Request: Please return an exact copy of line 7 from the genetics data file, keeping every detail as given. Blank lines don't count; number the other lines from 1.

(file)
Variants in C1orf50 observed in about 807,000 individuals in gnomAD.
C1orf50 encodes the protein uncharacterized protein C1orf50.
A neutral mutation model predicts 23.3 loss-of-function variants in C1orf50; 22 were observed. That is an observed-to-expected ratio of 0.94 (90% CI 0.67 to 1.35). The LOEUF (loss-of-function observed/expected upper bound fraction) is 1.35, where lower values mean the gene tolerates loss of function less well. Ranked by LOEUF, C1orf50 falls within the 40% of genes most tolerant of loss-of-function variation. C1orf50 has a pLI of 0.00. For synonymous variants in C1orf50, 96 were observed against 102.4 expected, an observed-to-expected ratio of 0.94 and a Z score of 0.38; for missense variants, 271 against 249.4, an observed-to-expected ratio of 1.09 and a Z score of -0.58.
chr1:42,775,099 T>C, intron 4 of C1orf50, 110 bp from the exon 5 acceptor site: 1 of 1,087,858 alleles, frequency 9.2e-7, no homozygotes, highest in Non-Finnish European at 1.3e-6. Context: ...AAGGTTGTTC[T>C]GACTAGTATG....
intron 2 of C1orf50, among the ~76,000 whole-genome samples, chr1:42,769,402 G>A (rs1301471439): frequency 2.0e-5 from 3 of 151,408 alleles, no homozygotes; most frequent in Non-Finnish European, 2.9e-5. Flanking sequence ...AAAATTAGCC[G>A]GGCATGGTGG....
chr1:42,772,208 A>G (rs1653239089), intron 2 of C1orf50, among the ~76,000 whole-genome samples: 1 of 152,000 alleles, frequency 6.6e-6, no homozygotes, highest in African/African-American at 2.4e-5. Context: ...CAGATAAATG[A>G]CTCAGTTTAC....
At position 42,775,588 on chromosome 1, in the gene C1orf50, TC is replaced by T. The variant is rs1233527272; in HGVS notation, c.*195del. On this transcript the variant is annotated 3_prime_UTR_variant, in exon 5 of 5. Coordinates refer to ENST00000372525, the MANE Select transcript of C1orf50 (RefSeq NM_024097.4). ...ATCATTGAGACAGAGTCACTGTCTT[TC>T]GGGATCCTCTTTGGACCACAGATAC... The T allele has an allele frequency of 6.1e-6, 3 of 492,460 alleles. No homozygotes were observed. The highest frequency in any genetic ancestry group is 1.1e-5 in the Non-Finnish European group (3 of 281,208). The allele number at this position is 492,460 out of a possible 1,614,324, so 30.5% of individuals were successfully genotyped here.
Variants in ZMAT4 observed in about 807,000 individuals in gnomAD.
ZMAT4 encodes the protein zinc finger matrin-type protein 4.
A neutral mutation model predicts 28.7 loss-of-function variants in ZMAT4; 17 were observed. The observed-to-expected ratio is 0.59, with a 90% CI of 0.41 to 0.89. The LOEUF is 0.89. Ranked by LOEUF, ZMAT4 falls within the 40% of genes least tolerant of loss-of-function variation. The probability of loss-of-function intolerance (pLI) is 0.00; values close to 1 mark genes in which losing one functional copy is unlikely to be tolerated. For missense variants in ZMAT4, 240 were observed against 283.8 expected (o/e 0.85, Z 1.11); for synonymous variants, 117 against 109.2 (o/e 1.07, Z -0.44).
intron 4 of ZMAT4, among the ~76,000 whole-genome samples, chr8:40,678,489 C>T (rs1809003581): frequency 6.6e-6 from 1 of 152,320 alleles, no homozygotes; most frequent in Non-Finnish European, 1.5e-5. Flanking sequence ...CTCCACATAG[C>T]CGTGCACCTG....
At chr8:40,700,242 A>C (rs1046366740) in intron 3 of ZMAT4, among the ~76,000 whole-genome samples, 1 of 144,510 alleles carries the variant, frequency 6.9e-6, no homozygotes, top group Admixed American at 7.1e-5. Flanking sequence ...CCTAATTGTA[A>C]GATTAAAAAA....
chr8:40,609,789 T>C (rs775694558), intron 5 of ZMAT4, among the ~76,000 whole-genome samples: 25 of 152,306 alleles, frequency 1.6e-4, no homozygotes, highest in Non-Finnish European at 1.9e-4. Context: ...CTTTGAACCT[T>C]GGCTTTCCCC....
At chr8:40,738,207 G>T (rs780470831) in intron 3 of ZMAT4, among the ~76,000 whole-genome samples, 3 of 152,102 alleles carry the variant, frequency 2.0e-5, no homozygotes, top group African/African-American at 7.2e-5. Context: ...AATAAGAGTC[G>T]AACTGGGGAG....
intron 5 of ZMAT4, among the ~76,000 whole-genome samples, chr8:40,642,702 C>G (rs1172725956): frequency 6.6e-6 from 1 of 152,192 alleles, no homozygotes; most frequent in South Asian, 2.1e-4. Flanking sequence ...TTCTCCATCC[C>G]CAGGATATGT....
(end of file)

At position 42,775,588 on chromosome 1, in the gene C1orf50, TC is replaced by T. The variant is rs1233527272; in HGVS notation, c.*195del. On this transcript the variant is annotated 3_prime_UTR_variant, in exon 5 of 5. Coordinates refer to ENST00000372525, the MANE Select transcript of C1orf50 (RefSeq NM_024097.4). ...ATCATTGAGACAGAGTCACTGTCTT[TC>T]GGGATCCTCTTTGGACCACAGATAC... The T allele has an allele frequency of 6.1e-6, 3 of 492,460 alleles. No homozygotes were observed. The highest frequency in any genetic ancestry group is 1.1e-5 in the Non-Finnish European group (3 of 281,208). The allele number at this position is 492,460 out of a possible 1,614,324, so 30.5% of individuals were successfully genotyped here.